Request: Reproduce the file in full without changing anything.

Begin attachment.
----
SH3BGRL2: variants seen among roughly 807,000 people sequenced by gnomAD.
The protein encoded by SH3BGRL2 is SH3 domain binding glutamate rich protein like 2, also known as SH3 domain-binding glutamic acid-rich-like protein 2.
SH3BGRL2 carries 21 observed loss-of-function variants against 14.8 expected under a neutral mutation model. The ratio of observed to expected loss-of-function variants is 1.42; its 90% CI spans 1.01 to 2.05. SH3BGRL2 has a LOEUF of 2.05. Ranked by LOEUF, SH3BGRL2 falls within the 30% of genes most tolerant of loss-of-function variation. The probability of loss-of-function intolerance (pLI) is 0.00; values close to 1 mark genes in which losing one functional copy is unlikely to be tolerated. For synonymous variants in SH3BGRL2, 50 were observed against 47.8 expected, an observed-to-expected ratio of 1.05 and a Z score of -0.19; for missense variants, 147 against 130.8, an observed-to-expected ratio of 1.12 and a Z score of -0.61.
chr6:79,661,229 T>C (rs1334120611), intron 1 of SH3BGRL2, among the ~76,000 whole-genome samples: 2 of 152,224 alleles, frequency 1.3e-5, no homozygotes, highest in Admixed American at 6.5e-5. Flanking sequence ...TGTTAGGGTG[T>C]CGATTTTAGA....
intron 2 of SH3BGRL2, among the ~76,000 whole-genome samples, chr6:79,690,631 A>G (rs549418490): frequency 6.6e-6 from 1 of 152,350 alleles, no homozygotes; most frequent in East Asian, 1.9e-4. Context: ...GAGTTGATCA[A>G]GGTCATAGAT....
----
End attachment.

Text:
SH3BGRL2: variants seen among roughly 807,000 people sequenced by gnomAD.
The protein encoded by SH3BGRL2 is SH3 domain binding glutamate rich protein like 2, also known as SH3 domain-binding glutamic acid-rich-like protein 2.
SH3BGRL2 carries 21 observed loss-of-function variants against 14.8 expected under a neutral mutation model. The ratio of observed to expected loss-of-function variants is 1.42; its 90% CI spans 1.01 to 2.05. SH3BGRL2 has a LOEUF of 2.05. Ranked by LOEUF, SH3BGRL2 falls within the 30% of genes most tolerant of loss-of-function variation. The probability of loss-of-function intolerance (pLI) is 0.00; values close to 1 mark genes in which losing one functional copy is unlikely to be tolerated. For synonymous variants in SH3BGRL2, 50 were observed against 47.8 expected, an observed-to-expected ratio of 1.05 and a Z score of -0.19; for missense variants, 147 against 130.8, an observed-to-expected ratio of 1.12 and a Z score of -0.61.
chr6:79,661,229 T>C (rs1334120611), intron 1 of SH3BGRL2, among the ~76,000 whole-genome samples: 2 of 152,224 alleles, frequency 1.3e-5, no homozygotes, highest in Admixed American at 6.5e-5. Flanking sequence ...TGTTAGGGTG[T>C]CGATTTTAGA....
intron 2 of SH3BGRL2, among the ~76,000 whole-genome samples, chr6:79,690,631 A>G (rs549418490): frequency 6.6e-6 from 1 of 152,350 alleles, no homozygotes; most frequent in East Asian, 1.9e-4. Context: ...GAGTTGATCA[A>G]GGTCATAGAT....